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So Many Reasons Why Deutsche Telekom Won't Buy Sprint

from the pin-drop dept

There's a rumor going around that Deutsche Telekom is thinking about buying Sprint. This is a bad idea for any number of reasons. Deutsche Telekom owns T-Mobile, which competes with Sprint, and which has certainly fallen way behind AT&T, Verizon Wireless and Sprint in terms of coverage and next generation network deployments. At the same time Sprint has definitely faced some tough times recently that have weighed heavily on the stock. So, you could see why Deutsche might initially think about it. T-Mobile is behind in the game, and merging with Sprint could (emphasis on could) jumpstart the business a bit. Plus, it's reasonable to think that Sprint may be undervalued these days. But... it's still a bad idea. T-Mobile and Sprint use totally different network technologies. Sprint is still dealing with the mess of trying to integrate Nextel's iDen system into its own CDMA-based system (which is part of the reason the company has been in trouble lately), and dumping a third totally incompatible technology into the mix doesn't seem wise. You could (again, emphasis on could) argue that Sprint now has some experience merging totally incompatible networks, but so far it's not exactly good experience. All in all, this seems like someone tossing out a suggestion. It's hard to see this as a legitimate possibility.


Reader Comments (rss)

(Flattened / Threaded)

  1.  
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    Derek Kerton (profile), May 5th, 2008 @ 4:27pm

    Agree Totally

    This rumor is lame. Here's more reasons:

    - Deutsche has enjoyed T-Mo USA's profit contributions, year after year. This is a cash cow. Would they choose to replace it with losses?

    - T-Mo in the USA has historically been a late-adopter of next-gen technologies, thus keeping their cost basis low. Their brand reflects this, as it is more of a low-cost player. Picking up Sprint and Xohm do nothing for this late-adopter strategy.

    - T-Mo recently bought spectrum in the AWS auction, and last week launched their 3G network. They are no longer spectrum-confined. They have a good roadmap to evolve and continue to support their subscribers. 3G will lead to LTE when it is readily available.

    - Mike has understated the technology morass that a merger would entail. Deutsche (T-Mo) would be dealing with: CDMA, GSM, EV-DO, EV-DO Rev A, UMTS, HSDPA, Wi-Fi, UMA, iDEN, pre-WiMAX, WiMAX wave 2, and LTE. I'm just waiting for someone to say "synergy" so I can laugh.

    - Sprint has no synergy globally with T-Mo, thus no scale economy advantages. Sprint and Deutsche have different 4G evolution plans, and Sprint has already invested heavily in theirs. There is no frequency scale advantages, either.

    - As Verizon finally gets in line with Vodafone for LTE, do you think T-Mo wants to inherit the "US subsidiary that doesn't fit" problem?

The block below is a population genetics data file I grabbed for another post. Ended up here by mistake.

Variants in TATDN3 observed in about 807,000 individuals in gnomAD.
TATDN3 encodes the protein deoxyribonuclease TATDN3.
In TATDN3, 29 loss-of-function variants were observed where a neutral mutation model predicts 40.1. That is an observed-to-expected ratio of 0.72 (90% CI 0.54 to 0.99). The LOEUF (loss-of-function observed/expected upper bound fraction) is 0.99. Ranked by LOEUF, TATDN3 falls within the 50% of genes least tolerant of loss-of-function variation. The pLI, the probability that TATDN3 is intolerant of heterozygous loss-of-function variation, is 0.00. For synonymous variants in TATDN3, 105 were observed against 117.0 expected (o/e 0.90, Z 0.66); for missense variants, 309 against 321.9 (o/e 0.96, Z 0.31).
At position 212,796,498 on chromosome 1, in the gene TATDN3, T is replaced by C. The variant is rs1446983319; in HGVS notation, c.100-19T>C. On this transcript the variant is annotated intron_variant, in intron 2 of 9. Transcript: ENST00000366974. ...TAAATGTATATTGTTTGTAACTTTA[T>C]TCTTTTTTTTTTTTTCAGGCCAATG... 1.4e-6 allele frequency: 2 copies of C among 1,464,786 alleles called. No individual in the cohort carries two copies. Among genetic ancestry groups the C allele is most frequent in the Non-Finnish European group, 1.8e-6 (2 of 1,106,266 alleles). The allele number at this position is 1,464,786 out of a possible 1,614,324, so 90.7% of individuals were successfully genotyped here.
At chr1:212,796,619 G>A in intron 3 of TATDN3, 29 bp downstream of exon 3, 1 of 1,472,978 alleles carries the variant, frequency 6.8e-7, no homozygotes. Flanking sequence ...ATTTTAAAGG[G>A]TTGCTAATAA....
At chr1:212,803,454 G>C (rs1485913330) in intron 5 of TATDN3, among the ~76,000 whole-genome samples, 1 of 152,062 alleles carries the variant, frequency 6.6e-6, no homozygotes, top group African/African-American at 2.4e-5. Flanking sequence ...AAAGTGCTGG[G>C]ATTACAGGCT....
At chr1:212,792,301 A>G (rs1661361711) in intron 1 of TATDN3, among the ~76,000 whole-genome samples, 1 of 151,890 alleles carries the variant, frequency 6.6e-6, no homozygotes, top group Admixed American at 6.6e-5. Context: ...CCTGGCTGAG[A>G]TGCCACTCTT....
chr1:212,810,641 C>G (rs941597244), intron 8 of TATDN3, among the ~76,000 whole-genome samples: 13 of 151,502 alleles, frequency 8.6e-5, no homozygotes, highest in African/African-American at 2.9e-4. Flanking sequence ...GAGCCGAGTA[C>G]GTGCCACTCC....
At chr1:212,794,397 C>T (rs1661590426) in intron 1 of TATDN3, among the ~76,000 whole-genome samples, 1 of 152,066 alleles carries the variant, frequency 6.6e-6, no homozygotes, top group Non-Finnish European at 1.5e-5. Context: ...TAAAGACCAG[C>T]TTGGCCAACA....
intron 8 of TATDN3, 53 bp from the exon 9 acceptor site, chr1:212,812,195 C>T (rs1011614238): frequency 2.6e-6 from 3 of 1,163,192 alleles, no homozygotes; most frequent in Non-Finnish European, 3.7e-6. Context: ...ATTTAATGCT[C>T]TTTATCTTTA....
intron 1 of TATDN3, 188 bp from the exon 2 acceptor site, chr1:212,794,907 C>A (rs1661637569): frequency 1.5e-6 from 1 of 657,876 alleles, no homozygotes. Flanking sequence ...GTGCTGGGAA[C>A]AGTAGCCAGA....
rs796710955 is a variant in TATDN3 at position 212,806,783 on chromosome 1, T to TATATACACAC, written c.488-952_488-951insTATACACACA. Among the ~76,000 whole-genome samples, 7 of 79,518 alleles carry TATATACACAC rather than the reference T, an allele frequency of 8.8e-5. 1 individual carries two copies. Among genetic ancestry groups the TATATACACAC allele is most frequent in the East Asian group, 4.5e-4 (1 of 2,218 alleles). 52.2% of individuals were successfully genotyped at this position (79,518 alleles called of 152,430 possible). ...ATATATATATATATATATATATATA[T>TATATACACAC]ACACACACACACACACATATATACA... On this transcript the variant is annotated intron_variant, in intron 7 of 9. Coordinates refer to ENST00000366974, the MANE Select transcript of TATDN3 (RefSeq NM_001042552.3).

- Deutsche Telekom does not have a WiMAX-friendly culture as an incumbent cellular operator in many markets. Xohm is entirely a foreign idea to this culture.

    - Sprint's shareholders have been pummeled by poor performance, and by Xohm. Would you want to buy this?

    - If T-Mo wanted to be aggressive with 4G, wouldn't they just have bought spectrum and done it themselves? Yet they were NOT aggressive, because they are happy with their current roadmap.

    I think T-Mo USA is content with focusing on the 3G deployment for now. This division has never been in a rush to adopt the fastest or best technology, yet they have been cautious, late movers...and very profitable. Don't fix it if it ain't broke.

     

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  2.  
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    Anonymous Coward, May 5th, 2008 @ 5:29pm

    Technology is only a minor bump in the road.

    Keep driving.

     

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  3.  
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    Anonymous Coward, May 5th, 2008 @ 5:51pm

    Maybe if a company buys Sprint, I'll get the last 16 bills that failed to arrive despite 10+ calls to customer service!

    I've tried email billing too. I don't get those either. I DID however get letters and emails notifying me that my deposit has been credited to my account for paying on time, and another letter for my spending limit getting removed.

    Fuck Sprint.

     

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  4.  
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    Anonymous Coward, May 5th, 2008 @ 8:10pm

    There may be a good reason for DT to buy sprint, BECAUSE of all the different technologies!!!
    Ideally, they Buy sprint/nextel. They then break nextel back into its own unit. They not run three separate operations, each marketed to a distinct group:
    T-mobile to low end users who don't need hi data, just want cheap and reliable. Sprint is high end, fast, direct competition to verizon, etc. Nextel goes solely for the business and commercial user who needs the old nextel phone to phone direct thing.
    If they could Synergize the common elements, billing, support, sales, they may have something. or maybe not....

     

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  5.